Thursday, October 25, 2018

Tochimilco: St. Francis returns

As a follow up to our earlier posts* on Tochimilco we reprise the story of the St Francis relief:
In September 2006, three years after it was stolen from the church at Tochimilco, the U.S. ambassador formally returned a 400-year-old polychrome wooden relief sculpture to Mexico. Thieves had tried to sell it in the United States at a Santa Fe, N.M., art gallery for $255, 000. 
  This large, painted wooden relief, now cleaned and restored, depicts St. Francis receiving the Stigmata on September 14, 1224. Originally the centerpiece of a larger altarpiece, it measures 92 inches high by 69 inches wide and is believed to have been carved between 1575 and the early 1600s.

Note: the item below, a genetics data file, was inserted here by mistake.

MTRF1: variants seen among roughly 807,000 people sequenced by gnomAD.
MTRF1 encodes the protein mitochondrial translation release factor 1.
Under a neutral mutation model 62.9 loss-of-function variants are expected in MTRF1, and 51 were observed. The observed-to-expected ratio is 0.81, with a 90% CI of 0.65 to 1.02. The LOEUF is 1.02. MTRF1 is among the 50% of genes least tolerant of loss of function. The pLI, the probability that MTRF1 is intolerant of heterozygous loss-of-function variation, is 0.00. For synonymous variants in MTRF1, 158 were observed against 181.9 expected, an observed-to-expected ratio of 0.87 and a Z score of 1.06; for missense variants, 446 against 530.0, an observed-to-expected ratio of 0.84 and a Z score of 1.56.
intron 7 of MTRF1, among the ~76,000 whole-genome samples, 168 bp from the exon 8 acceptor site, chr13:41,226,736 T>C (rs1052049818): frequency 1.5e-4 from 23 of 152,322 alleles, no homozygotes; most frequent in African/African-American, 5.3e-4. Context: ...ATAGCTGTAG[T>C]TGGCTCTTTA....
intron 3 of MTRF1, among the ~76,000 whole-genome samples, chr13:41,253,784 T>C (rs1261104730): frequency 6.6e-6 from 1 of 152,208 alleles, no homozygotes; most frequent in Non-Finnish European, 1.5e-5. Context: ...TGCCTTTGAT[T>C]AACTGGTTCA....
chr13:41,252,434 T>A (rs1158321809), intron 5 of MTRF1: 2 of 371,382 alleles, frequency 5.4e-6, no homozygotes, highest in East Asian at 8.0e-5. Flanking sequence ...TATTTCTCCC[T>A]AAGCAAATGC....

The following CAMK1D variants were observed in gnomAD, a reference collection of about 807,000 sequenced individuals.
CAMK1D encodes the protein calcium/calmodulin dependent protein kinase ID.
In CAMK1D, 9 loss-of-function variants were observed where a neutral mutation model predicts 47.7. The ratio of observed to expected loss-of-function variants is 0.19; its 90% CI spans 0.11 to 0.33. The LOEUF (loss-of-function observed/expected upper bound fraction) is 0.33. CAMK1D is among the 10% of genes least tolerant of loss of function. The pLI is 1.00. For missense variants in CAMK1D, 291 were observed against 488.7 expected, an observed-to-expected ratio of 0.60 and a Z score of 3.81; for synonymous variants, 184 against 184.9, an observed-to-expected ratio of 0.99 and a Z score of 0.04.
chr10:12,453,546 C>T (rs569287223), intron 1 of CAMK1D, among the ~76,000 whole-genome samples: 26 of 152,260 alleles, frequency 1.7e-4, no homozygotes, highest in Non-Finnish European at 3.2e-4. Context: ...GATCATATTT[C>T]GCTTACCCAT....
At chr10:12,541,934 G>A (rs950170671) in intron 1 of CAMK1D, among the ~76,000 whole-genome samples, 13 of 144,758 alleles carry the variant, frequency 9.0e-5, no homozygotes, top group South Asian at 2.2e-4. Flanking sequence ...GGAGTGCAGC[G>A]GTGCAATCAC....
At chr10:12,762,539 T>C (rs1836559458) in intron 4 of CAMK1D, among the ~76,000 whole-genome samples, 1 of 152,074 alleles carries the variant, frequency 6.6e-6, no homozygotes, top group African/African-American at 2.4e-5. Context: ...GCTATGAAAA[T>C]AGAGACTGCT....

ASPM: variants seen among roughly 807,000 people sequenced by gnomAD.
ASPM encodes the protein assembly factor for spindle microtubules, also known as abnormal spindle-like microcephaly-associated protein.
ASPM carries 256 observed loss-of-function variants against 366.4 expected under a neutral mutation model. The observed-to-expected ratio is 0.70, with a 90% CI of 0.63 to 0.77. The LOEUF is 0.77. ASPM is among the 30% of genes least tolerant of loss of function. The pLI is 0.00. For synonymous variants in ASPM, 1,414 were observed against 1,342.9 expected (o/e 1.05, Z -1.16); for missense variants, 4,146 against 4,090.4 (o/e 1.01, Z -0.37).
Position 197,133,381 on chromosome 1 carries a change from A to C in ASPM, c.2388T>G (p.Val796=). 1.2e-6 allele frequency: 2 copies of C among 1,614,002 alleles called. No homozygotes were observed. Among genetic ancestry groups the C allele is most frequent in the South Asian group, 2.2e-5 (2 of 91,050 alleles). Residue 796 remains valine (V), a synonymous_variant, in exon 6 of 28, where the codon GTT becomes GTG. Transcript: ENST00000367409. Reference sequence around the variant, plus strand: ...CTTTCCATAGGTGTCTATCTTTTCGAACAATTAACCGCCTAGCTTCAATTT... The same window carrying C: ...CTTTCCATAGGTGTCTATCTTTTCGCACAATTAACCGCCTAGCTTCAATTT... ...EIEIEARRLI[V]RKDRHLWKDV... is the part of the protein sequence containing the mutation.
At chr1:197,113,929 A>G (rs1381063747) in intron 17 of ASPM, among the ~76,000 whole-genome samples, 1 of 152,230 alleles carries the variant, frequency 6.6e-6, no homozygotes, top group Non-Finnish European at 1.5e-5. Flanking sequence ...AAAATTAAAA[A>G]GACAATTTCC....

In a classic representation of this seminal event in the life of the saint, Francis kneels on a rock at the foot of Mt. LaVerna in Tuscany, here realistically portrayed with trees and a running mountain stream. Although his feet are hidden, the open hands of the richly robed saint clearly depict two of Christ's five wounds. The wound on his side is less clear.
Francis gazes up intensely to the six winged, crucified seraph in the clouds on the upper right, although the heavenly rays usually emanating from the seraph to the five wounds are not shown in this relief version.
Brother Leo, Francis' companion, stares expressionless in the corner, seemingly oblivious to the miracle unfolding above him.
   In our view, this beautifully realized work of art is the finest of only a tiny handful of colonial reliefs portraying this event. 
text © 2018 Richard D. Perry
color images of the relief © Felipe Falc√≥n
*see our previous posts on Tochimilco: The Open Chapel; The Fountain; The Murals

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